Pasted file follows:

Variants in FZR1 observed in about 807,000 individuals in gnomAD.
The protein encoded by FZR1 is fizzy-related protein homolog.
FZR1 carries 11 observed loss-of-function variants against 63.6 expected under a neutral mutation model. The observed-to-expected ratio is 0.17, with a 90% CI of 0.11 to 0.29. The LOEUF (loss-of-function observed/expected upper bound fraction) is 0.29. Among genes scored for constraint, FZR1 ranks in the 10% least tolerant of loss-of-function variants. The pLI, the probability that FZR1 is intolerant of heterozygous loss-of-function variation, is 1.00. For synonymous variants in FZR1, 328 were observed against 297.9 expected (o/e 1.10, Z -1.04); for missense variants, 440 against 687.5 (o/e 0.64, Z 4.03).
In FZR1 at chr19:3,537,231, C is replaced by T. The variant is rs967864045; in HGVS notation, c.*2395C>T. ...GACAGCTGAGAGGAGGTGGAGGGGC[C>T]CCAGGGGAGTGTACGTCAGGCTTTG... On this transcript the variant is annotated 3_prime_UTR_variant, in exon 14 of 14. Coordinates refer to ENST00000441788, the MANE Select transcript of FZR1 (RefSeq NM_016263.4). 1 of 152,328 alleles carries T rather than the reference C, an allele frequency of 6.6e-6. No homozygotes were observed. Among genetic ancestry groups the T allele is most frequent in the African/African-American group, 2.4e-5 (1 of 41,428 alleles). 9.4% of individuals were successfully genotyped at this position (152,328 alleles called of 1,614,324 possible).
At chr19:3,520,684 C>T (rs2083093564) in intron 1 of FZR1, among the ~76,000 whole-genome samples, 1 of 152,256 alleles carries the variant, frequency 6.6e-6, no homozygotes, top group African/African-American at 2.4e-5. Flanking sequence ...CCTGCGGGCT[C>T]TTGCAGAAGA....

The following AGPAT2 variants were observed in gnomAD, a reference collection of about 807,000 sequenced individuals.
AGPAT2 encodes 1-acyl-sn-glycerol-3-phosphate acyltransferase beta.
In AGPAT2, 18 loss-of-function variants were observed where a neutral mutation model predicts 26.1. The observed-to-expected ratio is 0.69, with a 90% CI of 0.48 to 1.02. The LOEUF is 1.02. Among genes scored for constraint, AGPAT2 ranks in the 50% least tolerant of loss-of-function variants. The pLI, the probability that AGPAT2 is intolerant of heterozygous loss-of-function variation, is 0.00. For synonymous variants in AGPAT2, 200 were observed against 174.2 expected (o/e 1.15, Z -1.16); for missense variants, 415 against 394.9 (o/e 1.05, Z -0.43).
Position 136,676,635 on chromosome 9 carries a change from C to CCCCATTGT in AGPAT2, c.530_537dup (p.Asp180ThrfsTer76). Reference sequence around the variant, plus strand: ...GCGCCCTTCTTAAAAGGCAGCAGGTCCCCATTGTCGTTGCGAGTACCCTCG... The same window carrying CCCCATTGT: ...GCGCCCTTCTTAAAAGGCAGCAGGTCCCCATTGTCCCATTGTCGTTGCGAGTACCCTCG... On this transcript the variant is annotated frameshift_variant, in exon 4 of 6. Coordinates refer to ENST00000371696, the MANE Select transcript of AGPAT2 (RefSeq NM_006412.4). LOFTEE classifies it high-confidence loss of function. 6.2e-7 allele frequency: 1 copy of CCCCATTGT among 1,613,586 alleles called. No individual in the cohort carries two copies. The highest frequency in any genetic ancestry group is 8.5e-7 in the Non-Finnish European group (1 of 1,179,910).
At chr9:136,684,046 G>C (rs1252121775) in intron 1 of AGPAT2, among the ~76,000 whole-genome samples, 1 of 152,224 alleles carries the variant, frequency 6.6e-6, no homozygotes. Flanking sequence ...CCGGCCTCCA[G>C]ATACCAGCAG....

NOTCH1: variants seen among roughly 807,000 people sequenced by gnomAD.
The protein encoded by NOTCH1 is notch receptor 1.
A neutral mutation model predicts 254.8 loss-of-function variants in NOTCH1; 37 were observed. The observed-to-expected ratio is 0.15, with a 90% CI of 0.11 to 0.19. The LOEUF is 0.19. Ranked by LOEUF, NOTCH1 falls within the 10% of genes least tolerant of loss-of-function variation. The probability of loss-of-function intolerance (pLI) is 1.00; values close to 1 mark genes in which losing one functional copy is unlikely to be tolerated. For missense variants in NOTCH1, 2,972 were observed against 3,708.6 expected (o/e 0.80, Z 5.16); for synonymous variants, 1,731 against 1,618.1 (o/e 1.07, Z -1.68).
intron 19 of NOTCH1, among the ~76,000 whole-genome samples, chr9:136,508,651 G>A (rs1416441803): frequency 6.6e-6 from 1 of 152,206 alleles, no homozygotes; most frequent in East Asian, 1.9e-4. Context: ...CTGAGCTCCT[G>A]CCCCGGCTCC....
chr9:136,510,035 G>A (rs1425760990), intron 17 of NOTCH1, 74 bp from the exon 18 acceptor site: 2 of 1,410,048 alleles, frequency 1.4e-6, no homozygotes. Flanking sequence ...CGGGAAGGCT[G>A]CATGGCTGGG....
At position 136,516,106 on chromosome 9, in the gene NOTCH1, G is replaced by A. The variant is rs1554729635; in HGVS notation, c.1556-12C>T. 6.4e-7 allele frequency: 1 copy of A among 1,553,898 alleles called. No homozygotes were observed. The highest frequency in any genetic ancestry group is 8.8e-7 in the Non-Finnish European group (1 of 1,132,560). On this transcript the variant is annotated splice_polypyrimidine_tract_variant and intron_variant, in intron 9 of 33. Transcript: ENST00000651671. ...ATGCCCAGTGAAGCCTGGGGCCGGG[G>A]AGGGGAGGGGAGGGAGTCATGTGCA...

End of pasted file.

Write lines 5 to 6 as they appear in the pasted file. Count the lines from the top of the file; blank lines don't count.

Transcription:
At chr19:3,520,684 C>T (rs2083093564) in intron 1 of FZR1, among the ~76,000 whole-genome samples, 1 of 152,256 alleles carries the variant, frequency 6.6e-6, no homozygotes, top group African/African-American at 2.4e-5. Flanking sequence ...CCTGCGGGCT[C>T]TTGCAGAAGA....

The following AGPAT2 variants were observed in gnomAD, a reference collection of about 807,000 sequenced individuals.